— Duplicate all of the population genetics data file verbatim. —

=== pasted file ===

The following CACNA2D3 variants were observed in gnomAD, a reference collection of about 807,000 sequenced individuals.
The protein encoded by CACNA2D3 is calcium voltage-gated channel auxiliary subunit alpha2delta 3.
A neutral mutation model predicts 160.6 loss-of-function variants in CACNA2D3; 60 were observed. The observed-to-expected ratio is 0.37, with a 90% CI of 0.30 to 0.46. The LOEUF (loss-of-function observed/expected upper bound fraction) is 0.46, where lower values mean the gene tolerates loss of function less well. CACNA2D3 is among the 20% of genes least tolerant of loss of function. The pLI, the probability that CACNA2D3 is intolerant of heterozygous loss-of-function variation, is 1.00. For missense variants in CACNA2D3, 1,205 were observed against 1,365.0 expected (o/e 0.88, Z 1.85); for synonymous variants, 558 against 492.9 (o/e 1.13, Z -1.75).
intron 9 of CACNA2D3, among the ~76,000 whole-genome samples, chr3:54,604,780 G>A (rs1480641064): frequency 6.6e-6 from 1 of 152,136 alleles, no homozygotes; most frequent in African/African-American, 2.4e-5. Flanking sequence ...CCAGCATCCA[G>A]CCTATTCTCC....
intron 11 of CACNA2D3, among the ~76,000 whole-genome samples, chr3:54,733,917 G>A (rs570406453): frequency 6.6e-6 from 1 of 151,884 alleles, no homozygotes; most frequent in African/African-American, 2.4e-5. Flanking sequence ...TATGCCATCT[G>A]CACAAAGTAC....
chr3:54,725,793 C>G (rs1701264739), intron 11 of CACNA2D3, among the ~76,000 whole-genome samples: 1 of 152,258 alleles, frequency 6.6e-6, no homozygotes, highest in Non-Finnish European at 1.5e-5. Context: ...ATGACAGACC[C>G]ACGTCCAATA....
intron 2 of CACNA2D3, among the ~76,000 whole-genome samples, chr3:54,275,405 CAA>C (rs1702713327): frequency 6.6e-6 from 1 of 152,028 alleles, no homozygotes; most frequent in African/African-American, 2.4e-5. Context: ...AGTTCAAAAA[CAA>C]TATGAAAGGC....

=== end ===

The following CACNA2D3 variants were observed in gnomAD, a reference collection of about 807,000 sequenced individuals.
The protein encoded by CACNA2D3 is calcium voltage-gated channel auxiliary subunit alpha2delta 3.
A neutral mutation model predicts 160.6 loss-of-function variants in CACNA2D3; 60 were observed. The observed-to-expected ratio is 0.37, with a 90% CI of 0.30 to 0.46. The LOEUF (loss-of-function observed/expected upper bound fraction) is 0.46, where lower values mean the gene tolerates loss of function less well. CACNA2D3 is among the 20% of genes least tolerant of loss of function. The pLI, the probability that CACNA2D3 is intolerant of heterozygous loss-of-function variation, is 1.00. For missense variants in CACNA2D3, 1,205 were observed against 1,365.0 expected (o/e 0.88, Z 1.85); for synonymous variants, 558 against 492.9 (o/e 1.13, Z -1.75).
intron 9 of CACNA2D3, among the ~76,000 whole-genome samples, chr3:54,604,780 G>A (rs1480641064): frequency 6.6e-6 from 1 of 152,136 alleles, no homozygotes; most frequent in African/African-American, 2.4e-5. Flanking sequence ...CCAGCATCCA[G>A]CCTATTCTCC....
intron 11 of CACNA2D3, among the ~76,000 whole-genome samples, chr3:54,733,917 G>A (rs570406453): frequency 6.6e-6 from 1 of 151,884 alleles, no homozygotes; most frequent in African/African-American, 2.4e-5. Flanking sequence ...TATGCCATCT[G>A]CACAAAGTAC....
chr3:54,725,793 C>G (rs1701264739), intron 11 of CACNA2D3, among the ~76,000 whole-genome samples: 1 of 152,258 alleles, frequency 6.6e-6, no homozygotes, highest in Non-Finnish European at 1.5e-5. Context: ...ATGACAGACC[C>G]ACGTCCAATA....
intron 2 of CACNA2D3, among the ~76,000 whole-genome samples, chr3:54,275,405 CAA>C (rs1702713327): frequency 6.6e-6 from 1 of 152,028 alleles, no homozygotes; most frequent in African/African-American, 2.4e-5. Context: ...AGTTCAAAAA[CAA>C]TATGAAAGGC....